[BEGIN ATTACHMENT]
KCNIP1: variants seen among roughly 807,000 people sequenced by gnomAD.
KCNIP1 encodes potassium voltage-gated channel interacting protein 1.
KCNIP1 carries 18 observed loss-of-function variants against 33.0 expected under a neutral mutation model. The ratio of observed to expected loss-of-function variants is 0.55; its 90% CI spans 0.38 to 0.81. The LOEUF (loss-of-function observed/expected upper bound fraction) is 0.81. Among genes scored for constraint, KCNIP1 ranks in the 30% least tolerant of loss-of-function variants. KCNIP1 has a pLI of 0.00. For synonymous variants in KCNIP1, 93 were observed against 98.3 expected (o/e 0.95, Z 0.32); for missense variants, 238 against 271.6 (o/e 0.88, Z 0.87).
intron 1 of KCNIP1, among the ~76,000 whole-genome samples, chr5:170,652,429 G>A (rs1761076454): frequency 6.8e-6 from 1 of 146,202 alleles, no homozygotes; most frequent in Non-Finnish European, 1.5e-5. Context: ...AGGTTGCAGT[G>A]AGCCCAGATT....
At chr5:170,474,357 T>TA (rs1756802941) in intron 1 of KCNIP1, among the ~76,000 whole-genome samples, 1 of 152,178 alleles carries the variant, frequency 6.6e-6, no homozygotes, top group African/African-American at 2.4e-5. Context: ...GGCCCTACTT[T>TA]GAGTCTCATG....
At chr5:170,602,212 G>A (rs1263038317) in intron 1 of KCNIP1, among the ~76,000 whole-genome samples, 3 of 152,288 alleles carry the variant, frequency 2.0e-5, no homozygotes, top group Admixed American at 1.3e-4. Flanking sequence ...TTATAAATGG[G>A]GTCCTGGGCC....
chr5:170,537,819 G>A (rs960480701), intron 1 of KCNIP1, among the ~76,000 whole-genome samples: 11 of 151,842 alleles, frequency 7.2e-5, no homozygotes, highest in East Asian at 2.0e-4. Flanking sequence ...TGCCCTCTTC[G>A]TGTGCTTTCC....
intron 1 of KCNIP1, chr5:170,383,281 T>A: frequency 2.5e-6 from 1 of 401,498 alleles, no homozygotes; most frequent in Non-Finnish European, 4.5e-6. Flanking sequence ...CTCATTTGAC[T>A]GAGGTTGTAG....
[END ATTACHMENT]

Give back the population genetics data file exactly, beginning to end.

KCNIP1: variants seen among roughly 807,000 people sequenced by gnomAD.
KCNIP1 encodes potassium voltage-gated channel interacting protein 1.
KCNIP1 carries 18 observed loss-of-function variants against 33.0 expected under a neutral mutation model. The ratio of observed to expected loss-of-function variants is 0.55; its 90% CI spans 0.38 to 0.81. The LOEUF (loss-of-function observed/expected upper bound fraction) is 0.81. Among genes scored for constraint, KCNIP1 ranks in the 30% least tolerant of loss-of-function variants. KCNIP1 has a pLI of 0.00. For synonymous variants in KCNIP1, 93 were observed against 98.3 expected (o/e 0.95, Z 0.32); for missense variants, 238 against 271.6 (o/e 0.88, Z 0.87).
intron 1 of KCNIP1, among the ~76,000 whole-genome samples, chr5:170,652,429 G>A (rs1761076454): frequency 6.8e-6 from 1 of 146,202 alleles, no homozygotes; most frequent in Non-Finnish European, 1.5e-5. Context: ...AGGTTGCAGT[G>A]AGCCCAGATT....
At chr5:170,474,357 T>TA (rs1756802941) in intron 1 of KCNIP1, among the ~76,000 whole-genome samples, 1 of 152,178 alleles carries the variant, frequency 6.6e-6, no homozygotes, top group African/African-American at 2.4e-5. Context: ...GGCCCTACTT[T>TA]GAGTCTCATG....
At chr5:170,602,212 G>A (rs1263038317) in intron 1 of KCNIP1, among the ~76,000 whole-genome samples, 3 of 152,288 alleles carry the variant, frequency 2.0e-5, no homozygotes, top group Admixed American at 1.3e-4. Flanking sequence ...TTATAAATGG[G>A]GTCCTGGGCC....
chr5:170,537,819 G>A (rs960480701), intron 1 of KCNIP1, among the ~76,000 whole-genome samples: 11 of 151,842 alleles, frequency 7.2e-5, no homozygotes, highest in East Asian at 2.0e-4. Flanking sequence ...TGCCCTCTTC[G>A]TGTGCTTTCC....
intron 1 of KCNIP1, chr5:170,383,281 T>A: frequency 2.5e-6 from 1 of 401,498 alleles, no homozygotes; most frequent in Non-Finnish European, 4.5e-6. Flanking sequence ...CTCATTTGAC[T>A]GAGGTTGTAG....